August 5, 2013


was the scenery, blowy was the wind. The night in the tent was pretty horrendous. A tentmate was in a bad way after day 1 so I took one for the team and took the side of the tent. Note to oneself; never do that again 🙂 The overnight temperature went as low as minus 2 and the wind was, well, the wind really. They really should rename this country Windland….

As for the stage. There was highs and lows. First section was downhill with the wind behind us finally so it was a pretty easy first 12km. Second stage was over rough ground which consisted of moss covered rocks and gritty sand. I ended up walking most of section to the checkpoint hoping that a quick break would change my mental state but unfortunately the third section was across more rocky, sandy ground and my feet started to ache. We had been told about a run beside a river which sounded quite nice. Not when it’s a raging glacial river and the run takes you up into the valley with wind so strong it knocked some runners over. The checkpoint was near the top of a shingly climb and seemed like it would never come. Eventually I got there and took 5 minutes to catch my breath and take on some much needed food and energy drink. Feeling good I left the checkpoint only to be told the climb over the top got even windier! ugh. And boy I have never experienced anything like it I was running down steep hills at 45 degree angle and the wind coming up the hill was supporting me but we were rewarded with the most incredible of a glacier and glacial lake. The next section took us through a huge black sand desert complete with raging sandstorm in the distance (phew!) and then on to a fifth section which was a 10km hike down the road. I did manage to get some chafing in an unfortunate place so had to nip behind a rock to re-apply my body glide 😉 getting your nether regions out in Iceland is an unusual experience shall we say….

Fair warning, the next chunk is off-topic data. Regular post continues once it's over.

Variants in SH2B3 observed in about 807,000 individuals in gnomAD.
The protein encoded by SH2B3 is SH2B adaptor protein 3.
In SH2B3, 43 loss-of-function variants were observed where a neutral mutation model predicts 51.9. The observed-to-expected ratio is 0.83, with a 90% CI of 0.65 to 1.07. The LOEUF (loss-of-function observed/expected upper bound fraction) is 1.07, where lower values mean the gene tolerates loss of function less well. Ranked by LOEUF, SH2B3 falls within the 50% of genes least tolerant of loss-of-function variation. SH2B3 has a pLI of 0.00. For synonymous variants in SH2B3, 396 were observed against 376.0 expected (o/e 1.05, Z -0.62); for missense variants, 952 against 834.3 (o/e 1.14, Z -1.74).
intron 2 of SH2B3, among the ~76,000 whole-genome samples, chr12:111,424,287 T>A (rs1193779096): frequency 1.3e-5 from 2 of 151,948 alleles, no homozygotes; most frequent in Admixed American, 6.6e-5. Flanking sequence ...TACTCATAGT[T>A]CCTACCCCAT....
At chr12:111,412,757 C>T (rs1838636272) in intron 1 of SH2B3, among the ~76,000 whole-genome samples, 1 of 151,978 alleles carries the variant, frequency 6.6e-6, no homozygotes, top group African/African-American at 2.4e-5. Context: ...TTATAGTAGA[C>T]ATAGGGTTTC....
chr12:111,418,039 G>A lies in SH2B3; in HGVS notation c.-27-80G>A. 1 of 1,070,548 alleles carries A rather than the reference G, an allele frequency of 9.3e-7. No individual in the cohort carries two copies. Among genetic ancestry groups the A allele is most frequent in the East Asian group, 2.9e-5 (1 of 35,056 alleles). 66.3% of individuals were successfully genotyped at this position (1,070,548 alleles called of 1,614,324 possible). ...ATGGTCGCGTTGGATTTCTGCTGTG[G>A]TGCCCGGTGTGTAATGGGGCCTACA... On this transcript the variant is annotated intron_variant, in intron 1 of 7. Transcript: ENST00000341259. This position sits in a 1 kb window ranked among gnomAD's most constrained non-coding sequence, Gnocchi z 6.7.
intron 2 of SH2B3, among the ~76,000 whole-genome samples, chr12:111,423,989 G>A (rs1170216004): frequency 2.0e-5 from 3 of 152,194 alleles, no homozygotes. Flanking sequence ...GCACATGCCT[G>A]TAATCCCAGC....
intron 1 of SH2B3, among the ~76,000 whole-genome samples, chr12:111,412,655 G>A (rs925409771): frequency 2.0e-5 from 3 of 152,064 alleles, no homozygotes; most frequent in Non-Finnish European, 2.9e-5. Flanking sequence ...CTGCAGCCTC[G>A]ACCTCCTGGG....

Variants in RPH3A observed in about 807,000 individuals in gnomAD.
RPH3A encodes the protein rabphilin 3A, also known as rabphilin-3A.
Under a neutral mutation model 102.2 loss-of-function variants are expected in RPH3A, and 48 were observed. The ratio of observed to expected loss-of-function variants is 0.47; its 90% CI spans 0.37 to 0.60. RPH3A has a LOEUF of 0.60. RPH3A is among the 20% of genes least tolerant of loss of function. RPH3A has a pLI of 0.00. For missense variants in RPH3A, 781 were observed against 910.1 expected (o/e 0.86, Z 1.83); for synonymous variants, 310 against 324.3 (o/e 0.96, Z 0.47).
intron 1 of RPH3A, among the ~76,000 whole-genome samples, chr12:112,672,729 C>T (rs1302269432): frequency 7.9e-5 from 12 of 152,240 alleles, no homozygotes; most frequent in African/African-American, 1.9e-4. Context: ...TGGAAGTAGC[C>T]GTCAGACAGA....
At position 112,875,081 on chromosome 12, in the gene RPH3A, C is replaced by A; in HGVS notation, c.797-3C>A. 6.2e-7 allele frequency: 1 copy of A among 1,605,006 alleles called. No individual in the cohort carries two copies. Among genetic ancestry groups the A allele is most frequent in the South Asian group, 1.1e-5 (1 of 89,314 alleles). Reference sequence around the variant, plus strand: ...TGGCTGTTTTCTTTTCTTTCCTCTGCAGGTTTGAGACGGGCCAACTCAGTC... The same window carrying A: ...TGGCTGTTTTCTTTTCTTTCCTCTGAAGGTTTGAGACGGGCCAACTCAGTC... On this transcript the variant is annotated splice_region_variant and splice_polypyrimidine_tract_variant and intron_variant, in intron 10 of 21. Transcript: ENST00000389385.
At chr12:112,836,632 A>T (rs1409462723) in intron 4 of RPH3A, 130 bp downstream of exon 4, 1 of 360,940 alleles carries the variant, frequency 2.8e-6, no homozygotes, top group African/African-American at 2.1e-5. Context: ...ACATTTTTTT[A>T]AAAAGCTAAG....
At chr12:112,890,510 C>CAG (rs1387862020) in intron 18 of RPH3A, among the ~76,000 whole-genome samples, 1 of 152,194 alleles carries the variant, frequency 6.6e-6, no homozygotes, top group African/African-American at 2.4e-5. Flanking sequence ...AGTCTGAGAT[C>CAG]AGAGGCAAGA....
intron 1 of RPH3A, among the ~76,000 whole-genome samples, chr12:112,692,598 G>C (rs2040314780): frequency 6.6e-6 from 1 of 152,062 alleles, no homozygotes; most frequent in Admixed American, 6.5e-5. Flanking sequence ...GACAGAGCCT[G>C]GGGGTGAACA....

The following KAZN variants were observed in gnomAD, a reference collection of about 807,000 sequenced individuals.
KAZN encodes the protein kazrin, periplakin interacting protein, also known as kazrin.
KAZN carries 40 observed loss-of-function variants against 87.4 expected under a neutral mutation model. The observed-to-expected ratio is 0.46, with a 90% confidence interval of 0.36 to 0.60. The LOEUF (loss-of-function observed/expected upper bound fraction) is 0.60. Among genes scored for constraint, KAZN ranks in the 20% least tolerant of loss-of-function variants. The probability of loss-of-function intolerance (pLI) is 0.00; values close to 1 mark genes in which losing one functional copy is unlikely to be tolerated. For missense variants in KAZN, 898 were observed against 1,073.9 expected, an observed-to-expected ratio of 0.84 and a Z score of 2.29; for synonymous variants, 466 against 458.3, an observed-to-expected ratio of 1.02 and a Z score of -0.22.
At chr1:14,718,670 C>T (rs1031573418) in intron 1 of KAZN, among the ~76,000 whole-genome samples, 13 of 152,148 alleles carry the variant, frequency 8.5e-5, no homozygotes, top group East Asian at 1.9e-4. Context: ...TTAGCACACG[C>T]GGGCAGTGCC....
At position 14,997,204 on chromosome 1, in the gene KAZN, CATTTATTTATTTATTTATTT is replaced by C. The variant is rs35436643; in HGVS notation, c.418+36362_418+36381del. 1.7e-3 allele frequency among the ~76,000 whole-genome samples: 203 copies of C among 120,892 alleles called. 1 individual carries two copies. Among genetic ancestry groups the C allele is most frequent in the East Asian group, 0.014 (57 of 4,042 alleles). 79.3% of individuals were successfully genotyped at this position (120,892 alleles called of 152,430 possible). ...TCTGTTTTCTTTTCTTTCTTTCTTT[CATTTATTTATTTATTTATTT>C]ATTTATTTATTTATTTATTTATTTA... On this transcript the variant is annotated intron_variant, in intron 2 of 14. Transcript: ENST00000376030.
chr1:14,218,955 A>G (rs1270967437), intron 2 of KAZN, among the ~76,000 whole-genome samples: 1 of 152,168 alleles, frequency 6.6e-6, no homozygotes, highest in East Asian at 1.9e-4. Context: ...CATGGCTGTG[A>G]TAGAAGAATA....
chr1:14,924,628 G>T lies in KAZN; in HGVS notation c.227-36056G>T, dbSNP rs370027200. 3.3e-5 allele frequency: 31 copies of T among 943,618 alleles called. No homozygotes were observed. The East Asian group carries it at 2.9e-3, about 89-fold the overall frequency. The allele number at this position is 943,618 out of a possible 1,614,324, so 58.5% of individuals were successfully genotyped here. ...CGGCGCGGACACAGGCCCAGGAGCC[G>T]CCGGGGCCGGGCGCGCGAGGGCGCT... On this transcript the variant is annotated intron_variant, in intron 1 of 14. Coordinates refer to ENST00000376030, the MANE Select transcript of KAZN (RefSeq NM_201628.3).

We hopped on a bus at the end of the stage to get a 15min drive to camp and there is finally no wind (fingers crossed it stays away) and we’re camping on grass….ahh bliss. The main thing is I am still smiling! Food wise is going all ok, body isn’t rejecting anything (yet) and I have been asked multiple times about one of my dinners which isn’t in one of those dreaded orange bag! Atmosphere around camp is much better tonight. Day three is always the tough one mentally so I am preparing myself. No blisters as yet but I do have achey feet but I am looking forward to getting to the halfway stage tomorrow. 92km down, 158km to go.


July 31, 2013

In the final days of race preparation, Ross gets his head shaved!  Nice and short and saves enough weight so Ross can carry more energy bars!!!



July 25, 2013


Into the final stages of training now. Spent a few days in the Scottish highlands hiking in glorious weather. Even took a dip in a mountain loch (lake) to cool down the joints. Pack is feeling good; the final weight will be around 10kg (6kg kit and 4kg food) which is at the upper end of the range I was expecting but due to the colder and wetter conditions I will likely experience the extra kit will be much needed. I leave for Iceland in eight days and I’m really looking forward to getting there now. The next week will be a time to rest the joints and try to put on a bit of weight which I’m also looking forward to!


CMF congratulates Ross on his successful finish, and is grateful for Ross’ support, and yours!